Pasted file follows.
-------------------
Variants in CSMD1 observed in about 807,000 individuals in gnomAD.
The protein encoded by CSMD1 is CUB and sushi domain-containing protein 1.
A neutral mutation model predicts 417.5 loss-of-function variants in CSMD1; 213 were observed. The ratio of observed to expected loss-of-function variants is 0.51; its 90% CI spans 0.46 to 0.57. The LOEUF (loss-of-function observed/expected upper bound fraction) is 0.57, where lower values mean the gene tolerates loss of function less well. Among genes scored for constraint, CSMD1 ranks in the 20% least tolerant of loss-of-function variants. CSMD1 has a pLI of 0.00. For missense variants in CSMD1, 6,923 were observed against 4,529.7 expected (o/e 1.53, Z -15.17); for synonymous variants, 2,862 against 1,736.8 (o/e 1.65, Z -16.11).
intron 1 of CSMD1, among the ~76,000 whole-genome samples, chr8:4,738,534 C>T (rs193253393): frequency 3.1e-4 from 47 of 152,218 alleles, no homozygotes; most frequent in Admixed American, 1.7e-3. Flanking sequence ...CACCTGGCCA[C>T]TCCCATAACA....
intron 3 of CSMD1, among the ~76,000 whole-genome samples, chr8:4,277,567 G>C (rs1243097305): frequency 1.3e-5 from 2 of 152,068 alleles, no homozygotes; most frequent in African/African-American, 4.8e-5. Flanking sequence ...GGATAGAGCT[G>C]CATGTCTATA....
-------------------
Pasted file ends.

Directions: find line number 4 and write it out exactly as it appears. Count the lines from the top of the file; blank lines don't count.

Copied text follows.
intron 1 of CSMD1, among the ~76,000 whole-genome samples, chr8:4,738,534 C>T (rs193253393): frequency 3.1e-4 from 47 of 152,218 alleles, no homozygotes; most frequent in Admixed American, 1.7e-3. Flanking sequence ...CACCTGGCCA[C>T]TCCCATAACA....